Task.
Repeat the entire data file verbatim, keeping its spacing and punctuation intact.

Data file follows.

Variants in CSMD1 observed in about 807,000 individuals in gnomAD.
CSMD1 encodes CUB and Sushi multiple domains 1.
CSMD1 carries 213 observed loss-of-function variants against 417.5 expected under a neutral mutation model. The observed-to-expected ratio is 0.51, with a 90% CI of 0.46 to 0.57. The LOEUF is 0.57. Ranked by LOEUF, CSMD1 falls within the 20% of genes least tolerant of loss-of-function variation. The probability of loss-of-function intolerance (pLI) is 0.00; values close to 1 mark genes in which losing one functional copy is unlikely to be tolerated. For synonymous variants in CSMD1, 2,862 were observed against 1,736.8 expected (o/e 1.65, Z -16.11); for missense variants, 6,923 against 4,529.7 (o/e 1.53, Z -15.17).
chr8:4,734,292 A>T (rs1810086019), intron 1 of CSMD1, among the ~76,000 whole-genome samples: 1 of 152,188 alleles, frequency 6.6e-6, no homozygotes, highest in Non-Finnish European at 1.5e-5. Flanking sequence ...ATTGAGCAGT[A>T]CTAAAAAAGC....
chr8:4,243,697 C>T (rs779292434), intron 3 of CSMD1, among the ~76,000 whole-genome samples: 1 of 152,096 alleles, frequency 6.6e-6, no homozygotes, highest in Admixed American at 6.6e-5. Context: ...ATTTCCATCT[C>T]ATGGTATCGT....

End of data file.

Variants in CSMD1 observed in about 807,000 individuals in gnomAD.
CSMD1 encodes CUB and Sushi multiple domains 1.
CSMD1 carries 213 observed loss-of-function variants against 417.5 expected under a neutral mutation model. The observed-to-expected ratio is 0.51, with a 90% CI of 0.46 to 0.57. The LOEUF is 0.57. Ranked by LOEUF, CSMD1 falls within the 20% of genes least tolerant of loss-of-function variation. The probability of loss-of-function intolerance (pLI) is 0.00; values close to 1 mark genes in which losing one functional copy is unlikely to be tolerated. For synonymous variants in CSMD1, 2,862 were observed against 1,736.8 expected (o/e 1.65, Z -16.11); for missense variants, 6,923 against 4,529.7 (o/e 1.53, Z -15.17).
chr8:4,734,292 A>T (rs1810086019), intron 1 of CSMD1, among the ~76,000 whole-genome samples: 1 of 152,188 alleles, frequency 6.6e-6, no homozygotes, highest in Non-Finnish European at 1.5e-5. Flanking sequence ...ATTGAGCAGT[A>T]CTAAAAAAGC....
chr8:4,243,697 C>T (rs779292434), intron 3 of CSMD1, among the ~76,000 whole-genome samples: 1 of 152,096 alleles, frequency 6.6e-6, no homozygotes, highest in Admixed American at 6.6e-5. Context: ...ATTTCCATCT[C>T]ATGGTATCGT....